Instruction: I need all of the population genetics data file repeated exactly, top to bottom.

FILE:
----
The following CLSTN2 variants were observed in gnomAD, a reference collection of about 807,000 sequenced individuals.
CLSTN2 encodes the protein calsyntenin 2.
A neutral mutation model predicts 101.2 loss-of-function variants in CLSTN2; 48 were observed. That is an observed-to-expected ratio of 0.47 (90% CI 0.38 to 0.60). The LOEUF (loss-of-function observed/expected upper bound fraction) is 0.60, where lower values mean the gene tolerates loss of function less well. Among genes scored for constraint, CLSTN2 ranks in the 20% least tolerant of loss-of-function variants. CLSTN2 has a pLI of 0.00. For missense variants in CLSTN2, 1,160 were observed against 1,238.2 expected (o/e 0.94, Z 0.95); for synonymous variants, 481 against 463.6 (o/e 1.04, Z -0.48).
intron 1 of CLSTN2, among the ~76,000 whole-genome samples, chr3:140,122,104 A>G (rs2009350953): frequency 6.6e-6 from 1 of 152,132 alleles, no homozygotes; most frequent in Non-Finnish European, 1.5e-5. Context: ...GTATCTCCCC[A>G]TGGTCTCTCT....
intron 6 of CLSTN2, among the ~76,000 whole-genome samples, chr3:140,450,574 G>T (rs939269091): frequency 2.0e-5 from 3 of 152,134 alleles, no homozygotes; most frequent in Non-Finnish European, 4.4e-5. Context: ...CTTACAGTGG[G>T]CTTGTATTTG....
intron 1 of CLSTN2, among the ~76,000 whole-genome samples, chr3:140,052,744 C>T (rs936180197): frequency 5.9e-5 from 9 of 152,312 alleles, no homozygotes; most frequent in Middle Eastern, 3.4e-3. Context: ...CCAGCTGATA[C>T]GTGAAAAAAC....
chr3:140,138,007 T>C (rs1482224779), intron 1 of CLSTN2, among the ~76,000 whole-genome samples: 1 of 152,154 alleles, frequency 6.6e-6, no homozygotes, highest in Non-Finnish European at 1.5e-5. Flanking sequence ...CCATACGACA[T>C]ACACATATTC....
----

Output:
The following CLSTN2 variants were observed in gnomAD, a reference collection of about 807,000 sequenced individuals.
CLSTN2 encodes the protein calsyntenin 2.
A neutral mutation model predicts 101.2 loss-of-function variants in CLSTN2; 48 were observed. That is an observed-to-expected ratio of 0.47 (90% CI 0.38 to 0.60). The LOEUF (loss-of-function observed/expected upper bound fraction) is 0.60, where lower values mean the gene tolerates loss of function less well. Among genes scored for constraint, CLSTN2 ranks in the 20% least tolerant of loss-of-function variants. CLSTN2 has a pLI of 0.00. For missense variants in CLSTN2, 1,160 were observed against 1,238.2 expected (o/e 0.94, Z 0.95); for synonymous variants, 481 against 463.6 (o/e 1.04, Z -0.48).
intron 1 of CLSTN2, among the ~76,000 whole-genome samples, chr3:140,122,104 A>G (rs2009350953): frequency 6.6e-6 from 1 of 152,132 alleles, no homozygotes; most frequent in Non-Finnish European, 1.5e-5. Context: ...GTATCTCCCC[A>G]TGGTCTCTCT....
intron 6 of CLSTN2, among the ~76,000 whole-genome samples, chr3:140,450,574 G>T (rs939269091): frequency 2.0e-5 from 3 of 152,134 alleles, no homozygotes; most frequent in Non-Finnish European, 4.4e-5. Context: ...CTTACAGTGG[G>T]CTTGTATTTG....
intron 1 of CLSTN2, among the ~76,000 whole-genome samples, chr3:140,052,744 C>T (rs936180197): frequency 5.9e-5 from 9 of 152,312 alleles, no homozygotes; most frequent in Middle Eastern, 3.4e-3. Context: ...CCAGCTGATA[C>T]GTGAAAAAAC....
chr3:140,138,007 T>C (rs1482224779), intron 1 of CLSTN2, among the ~76,000 whole-genome samples: 1 of 152,154 alleles, frequency 6.6e-6, no homozygotes, highest in Non-Finnish European at 1.5e-5. Flanking sequence ...CCATACGACA[T>C]ACACATATTC....